History of Sushi
Did you know that sushi was casual fast food before it became the intimate dining experience we know and love? Let's dive in to where sushi started and how it became what it is today.
The first iteration of sushi dates all the way back to the beginning of 8th century Japan. The method of fermenting fish in between layers of rice was actually taken from the Chinese who figured out that the fermentation of the rice produced lactic acid bacilli which slowed down the bacteria growth in the fish.
The first kind of sushi was called funa-sushi, and it’s more than 1,000 years old. It was developed in the regions surrounding Lake Biwa, which is the largest freshwater lake in Japan. Here, the locals fish for Golden Carp, which they called funa. They packed the fish in salted rice and compacted the combination under weights, which helped speed up the fermentation process. Even then, the process took six months to complete, and the end result was serviced only to the upper classes in Japan who could afford it.
In the 15th century, Japan experienced a civil war. At this point, cooks realised that they could speed up the fermentation time to just one month by adding more weight to the fish and rice. This allowed them to prepare food to support them through the war. The cooks also realised that the fish doesn’t have to turn to a state of total decomposition before it tasted good. Instead, they began preparing sushi with freshers fish, which was known as mama-nare zushi.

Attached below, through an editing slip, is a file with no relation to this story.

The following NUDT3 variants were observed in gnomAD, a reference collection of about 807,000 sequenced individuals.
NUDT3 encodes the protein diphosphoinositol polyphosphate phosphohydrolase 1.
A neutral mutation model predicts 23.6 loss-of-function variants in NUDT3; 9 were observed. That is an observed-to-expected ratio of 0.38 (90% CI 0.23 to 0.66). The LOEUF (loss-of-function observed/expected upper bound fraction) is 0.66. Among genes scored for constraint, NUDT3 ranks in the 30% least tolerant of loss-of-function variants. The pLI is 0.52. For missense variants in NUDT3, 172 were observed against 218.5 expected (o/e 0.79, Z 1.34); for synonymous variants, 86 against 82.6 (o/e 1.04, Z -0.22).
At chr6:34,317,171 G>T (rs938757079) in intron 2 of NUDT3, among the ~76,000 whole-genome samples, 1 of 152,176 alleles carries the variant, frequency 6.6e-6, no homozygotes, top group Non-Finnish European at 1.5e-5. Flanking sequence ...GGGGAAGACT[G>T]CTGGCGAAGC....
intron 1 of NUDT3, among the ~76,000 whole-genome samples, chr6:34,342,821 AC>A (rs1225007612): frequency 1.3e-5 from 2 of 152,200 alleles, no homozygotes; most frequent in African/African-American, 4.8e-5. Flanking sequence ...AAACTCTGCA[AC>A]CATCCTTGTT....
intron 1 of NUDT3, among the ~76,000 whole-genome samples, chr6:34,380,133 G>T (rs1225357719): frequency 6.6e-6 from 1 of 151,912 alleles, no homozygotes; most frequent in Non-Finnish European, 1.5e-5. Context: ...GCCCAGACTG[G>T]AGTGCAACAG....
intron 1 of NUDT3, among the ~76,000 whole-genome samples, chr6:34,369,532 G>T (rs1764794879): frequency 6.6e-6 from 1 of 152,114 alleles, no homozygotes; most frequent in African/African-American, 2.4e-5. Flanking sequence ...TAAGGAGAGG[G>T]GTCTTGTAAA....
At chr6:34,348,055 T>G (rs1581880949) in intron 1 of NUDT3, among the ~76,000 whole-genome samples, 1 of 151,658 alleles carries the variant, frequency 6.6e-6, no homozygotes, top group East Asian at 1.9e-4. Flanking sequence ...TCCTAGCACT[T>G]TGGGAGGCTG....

During the 1820s, a more modern form of sushi was developed by a man called Hanaya Yohei in a place called Edo. Yohei is widely considered to be the man behind modern nigiri, which is a kind of sushi that uses slices of raw fish. By 1824, Yohei opened up the very first stall that sold sushi in Edo, selling sushi that utilised a quicker fermentation process. He added vinegar and salt to rice that had just been cooked, letting it sit for just a matter of minutes, and then serving it with raw, fresh fish.
In 1923, hundreds of these sushi stalls appeared all around Edo, which is a region of Japan that is now called Tokyo. This sparked the sushi revolution, which soon spread to America and the rest of the world.
Sushi, the artful dining experience once uniquely Japanese, has now evolved to another level beyond the traditional Japanese methods. Western influences have given rise to new styles of sushi, such as California rolls and the many elaborate ‘fusion’ creations at upscale sushi restaurants. The history of sushi is a long one, at least 1,800 years in fact, but the current iteration is popular around the world, and rightly so. It is not often that something so singly cultural can not only take the world by storm, but also influence the direction of food in other cultures.
Demand for sushi is only increasing and seems to be continuing to evolve. Traditional sushi restaurants sit alongside ‘fusion’ restaurants and both are popular for their own reasons. The history of sushi is still far from over.